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Dr Andrew Yeoman (Chair), Consultant Hepatologist, Gwent Liver Unit, Royal Gwent Hospital, Newport

Why does this matter?

Liver disease is increasing in incidence and severity, such that deaths related to liver disease have risen more than four-fold in the last 50 years, in contrast to many other disease areas, where mortality is falling.1 The reason for this sharp rise is due to increases in the lifestyle risk factors for liver disease in the population, namely excess alcohol consumption, obesity, and acquisition of blood borne viruses.1 Importantly these risk factors are not just modifiable, such that the majority of liver disease is preventable, these same risk factors predispose to other, more high-profile disease states such as diabetes and heart disease.1 As such, the acknowledgement and management of these risk factors in primary care is essential to improving population liver health. The vast majority of morbidity and mortality in relation to liver disease is mitigated through the development of cirrhosis and its complications, which include hepatic encephalopathy (HE).1

Currently, the majority of patients with cirrhosis are diagnosed late, often as a result of an admission to hospital with decompensation.1 This is typically due to a lack of symptoms in early liver disease coupled with historic misconceptions that minor abnormalities of liver blood tests are unlikely to be associated with significant disease. 

Once again, the early recognition of serious liver disease is something that can only be tackled in the primary care arena through the understanding that an assessment of liver fibrosis is essential. This approach is now supported by NICE in its guideline on the recognition and management of cirrhosis2 and the British Society of Gastroenterology guideline on the Management of Abnormal Liver Blood Tests.3 Several different approaches to a more assertive approach to the earlier recognition of significant liver disease in the general population have now been published and shown to be more efficient than traditional models of care.4,5

What makes hepatic encephalopathy (HE) so important?

HE is common in patients with cirrhosis, developing in approximately 44% of patients within 5 years.6 Despite it affecting almost 1 in 2 people with cirrhosis during their lifetime, HE remains under recognised because it may be extremely subtle, it may fluctuate without treatment, and finally, there is no gold standard diagnostic test for it. Therefore, a high index of suspicion is required to look for, and diagnose, HE.6

Despite these challenges it remains critical to detect HE as it represents a severe manifestation of liver disease and is associated with poor outcomes.6 The development of persistent HE should, therefore, lead to the consideration of referral for liver transplantation, such are its negative associations. Recognition of all forms of HE, including low grade, remains extremely important as therapies exist that can improve cognitive and physical function, and prevent hospital admissions.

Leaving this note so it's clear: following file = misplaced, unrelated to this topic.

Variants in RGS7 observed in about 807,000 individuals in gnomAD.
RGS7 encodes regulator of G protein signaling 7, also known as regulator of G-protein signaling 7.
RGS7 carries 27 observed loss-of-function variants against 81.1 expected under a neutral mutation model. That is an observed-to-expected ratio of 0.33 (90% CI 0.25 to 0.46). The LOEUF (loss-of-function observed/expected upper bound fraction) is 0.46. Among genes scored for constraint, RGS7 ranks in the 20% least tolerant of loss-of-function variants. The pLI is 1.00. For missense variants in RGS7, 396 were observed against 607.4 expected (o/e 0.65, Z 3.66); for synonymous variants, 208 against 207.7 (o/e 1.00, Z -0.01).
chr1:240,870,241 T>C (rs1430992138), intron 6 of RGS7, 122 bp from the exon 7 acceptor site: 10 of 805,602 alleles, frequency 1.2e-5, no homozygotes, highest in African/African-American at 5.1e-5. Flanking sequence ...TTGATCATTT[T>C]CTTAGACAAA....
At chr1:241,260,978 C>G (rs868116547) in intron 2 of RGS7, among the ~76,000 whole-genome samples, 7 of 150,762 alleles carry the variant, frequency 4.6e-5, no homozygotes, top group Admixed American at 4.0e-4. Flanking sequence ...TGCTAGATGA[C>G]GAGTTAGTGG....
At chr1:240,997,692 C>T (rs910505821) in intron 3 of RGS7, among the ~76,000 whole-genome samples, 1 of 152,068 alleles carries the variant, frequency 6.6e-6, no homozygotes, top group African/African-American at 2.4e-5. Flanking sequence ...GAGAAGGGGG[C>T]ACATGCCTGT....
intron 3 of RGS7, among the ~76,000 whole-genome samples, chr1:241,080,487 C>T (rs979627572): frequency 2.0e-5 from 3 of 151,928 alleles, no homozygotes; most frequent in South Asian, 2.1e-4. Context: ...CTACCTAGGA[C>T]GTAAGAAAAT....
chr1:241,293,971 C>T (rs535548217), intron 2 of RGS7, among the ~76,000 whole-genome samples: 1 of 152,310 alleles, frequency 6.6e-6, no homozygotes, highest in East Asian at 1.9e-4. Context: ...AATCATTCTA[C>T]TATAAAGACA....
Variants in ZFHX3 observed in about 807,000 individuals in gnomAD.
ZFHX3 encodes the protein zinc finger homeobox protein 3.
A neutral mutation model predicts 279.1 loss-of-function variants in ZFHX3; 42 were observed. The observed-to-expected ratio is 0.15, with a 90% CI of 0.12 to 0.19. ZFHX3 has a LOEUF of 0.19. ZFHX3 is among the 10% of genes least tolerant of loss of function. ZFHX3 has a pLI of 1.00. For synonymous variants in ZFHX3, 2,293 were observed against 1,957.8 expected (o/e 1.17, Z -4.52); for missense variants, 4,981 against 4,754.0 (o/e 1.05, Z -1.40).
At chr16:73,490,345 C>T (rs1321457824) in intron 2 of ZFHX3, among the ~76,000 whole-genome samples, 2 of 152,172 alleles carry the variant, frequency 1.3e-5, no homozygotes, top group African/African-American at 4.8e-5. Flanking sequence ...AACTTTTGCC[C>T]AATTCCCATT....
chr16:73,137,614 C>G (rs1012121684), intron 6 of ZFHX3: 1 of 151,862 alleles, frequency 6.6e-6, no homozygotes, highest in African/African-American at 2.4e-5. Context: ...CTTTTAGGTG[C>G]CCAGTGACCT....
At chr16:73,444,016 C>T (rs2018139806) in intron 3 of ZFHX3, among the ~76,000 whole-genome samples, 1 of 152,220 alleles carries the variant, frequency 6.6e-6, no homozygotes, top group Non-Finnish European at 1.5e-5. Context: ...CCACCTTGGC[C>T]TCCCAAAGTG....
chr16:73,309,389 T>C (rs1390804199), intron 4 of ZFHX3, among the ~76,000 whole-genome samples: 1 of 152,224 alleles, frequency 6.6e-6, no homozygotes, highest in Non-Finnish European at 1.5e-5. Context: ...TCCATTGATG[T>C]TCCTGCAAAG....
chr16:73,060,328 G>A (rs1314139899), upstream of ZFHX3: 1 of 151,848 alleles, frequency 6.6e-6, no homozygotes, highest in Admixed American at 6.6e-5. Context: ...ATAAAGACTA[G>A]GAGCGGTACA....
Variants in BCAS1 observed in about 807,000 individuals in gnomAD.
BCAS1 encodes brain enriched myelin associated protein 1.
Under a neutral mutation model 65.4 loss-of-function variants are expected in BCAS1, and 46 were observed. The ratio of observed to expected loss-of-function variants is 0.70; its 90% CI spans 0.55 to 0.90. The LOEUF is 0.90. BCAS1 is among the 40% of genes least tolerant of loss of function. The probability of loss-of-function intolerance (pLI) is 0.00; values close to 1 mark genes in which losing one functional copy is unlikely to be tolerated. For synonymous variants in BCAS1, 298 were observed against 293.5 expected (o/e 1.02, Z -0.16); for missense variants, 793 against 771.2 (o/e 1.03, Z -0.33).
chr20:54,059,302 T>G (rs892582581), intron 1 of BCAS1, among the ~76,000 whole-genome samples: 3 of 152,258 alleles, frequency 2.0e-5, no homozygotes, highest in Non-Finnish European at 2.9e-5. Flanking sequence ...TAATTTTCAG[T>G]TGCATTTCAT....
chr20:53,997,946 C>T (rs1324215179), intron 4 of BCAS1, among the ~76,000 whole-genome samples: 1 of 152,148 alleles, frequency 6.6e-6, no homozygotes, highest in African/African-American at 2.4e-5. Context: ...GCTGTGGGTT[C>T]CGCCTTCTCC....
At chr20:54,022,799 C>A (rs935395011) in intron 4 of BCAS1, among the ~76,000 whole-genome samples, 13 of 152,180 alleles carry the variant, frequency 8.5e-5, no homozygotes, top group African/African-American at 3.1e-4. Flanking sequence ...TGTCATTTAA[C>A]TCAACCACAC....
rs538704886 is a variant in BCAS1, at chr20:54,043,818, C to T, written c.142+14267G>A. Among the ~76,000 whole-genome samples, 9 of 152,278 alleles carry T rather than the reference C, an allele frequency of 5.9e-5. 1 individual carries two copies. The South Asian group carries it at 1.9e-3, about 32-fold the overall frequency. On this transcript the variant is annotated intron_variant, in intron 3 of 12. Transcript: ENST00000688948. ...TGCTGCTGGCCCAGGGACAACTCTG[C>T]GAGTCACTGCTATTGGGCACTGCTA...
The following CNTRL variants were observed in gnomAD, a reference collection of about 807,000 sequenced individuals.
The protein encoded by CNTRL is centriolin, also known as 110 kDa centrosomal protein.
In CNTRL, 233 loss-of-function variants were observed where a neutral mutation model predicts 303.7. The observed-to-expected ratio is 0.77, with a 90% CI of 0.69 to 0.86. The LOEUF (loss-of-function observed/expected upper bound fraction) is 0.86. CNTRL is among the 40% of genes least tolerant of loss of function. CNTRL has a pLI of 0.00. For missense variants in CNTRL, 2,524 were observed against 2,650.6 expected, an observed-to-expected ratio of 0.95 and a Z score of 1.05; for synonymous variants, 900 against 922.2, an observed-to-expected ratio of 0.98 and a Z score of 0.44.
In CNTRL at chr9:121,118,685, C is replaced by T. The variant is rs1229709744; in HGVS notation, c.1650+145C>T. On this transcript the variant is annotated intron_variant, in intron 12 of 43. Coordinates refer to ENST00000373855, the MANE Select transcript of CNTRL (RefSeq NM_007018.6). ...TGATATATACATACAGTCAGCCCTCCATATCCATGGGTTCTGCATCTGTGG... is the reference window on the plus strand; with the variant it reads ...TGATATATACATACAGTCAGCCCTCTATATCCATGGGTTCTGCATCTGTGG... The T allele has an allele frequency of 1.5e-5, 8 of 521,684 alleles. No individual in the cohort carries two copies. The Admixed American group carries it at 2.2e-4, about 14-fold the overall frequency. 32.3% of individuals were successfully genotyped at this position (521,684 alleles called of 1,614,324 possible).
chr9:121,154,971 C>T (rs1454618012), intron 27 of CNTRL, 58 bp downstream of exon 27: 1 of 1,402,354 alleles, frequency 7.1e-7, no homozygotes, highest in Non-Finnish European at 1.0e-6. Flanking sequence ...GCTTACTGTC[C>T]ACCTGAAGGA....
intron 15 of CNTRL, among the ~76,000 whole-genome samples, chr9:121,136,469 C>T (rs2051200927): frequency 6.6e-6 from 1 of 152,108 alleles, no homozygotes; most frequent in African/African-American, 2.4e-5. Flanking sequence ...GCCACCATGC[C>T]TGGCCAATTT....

1. Williams R et al. Addressing liver disease in the UK: A blueprint for attaining excellence in healthcare and reducing premature mortality from lifestyle issues of excess consumption of alcohol, obesity and viral hepatitis. Lancet 2014; 384 (9958): 1953–1997.
  2. NICE. Cirrhosis in over 16s: assessment and management. NICE Guideline 50. NICE, July 2016. Available at:
  3. Newsome P et al. Guidelines on the management of abnormal liver blood tests. Gut 2018; 67 (1): 6–19.
  4. Srivastava A et al. Prospective evaluation of a primary care referral pathway for patients with non-alcoholic fatty liver disease. J Hepatol 2019; 71 (2): 371–378.
  5. Dillon J et al. Intelligent Liver Function Testing (iLFT): A trial of automated diagnosis and staging of liver disease in primary care. J Hepatol 2019; 71 (4): 699–706.
  6. Tapper E et al. A risk score to predict the development of hepatic encephalopathy in a population-based cohort of patients with cirrhosis. Hepatology 2018; 68 (4): 1498–1507.



This short article has been commissioned and funded by Norgine Pharmaceuticals Ltd and developed in partnership with Guidelines in Practice. Norgine Pharmaceuticals Ltd suggested the topic and author, and carried out full medical approval on all materials to ensure compliance with the ABPI Code of Practice. The sponsorship fee included an honorarium for the author. The views and opinions of the author/s are not necessarily those of Norgine Pharmaceuticals Ltd, or of Guidelines in Practice, its publisher, advisers, or advertisers. No part of this publication may be reproduced in any form without the permission of the publisher.


Date of preparation: January 2021

Best practice in hepatic encephalopathy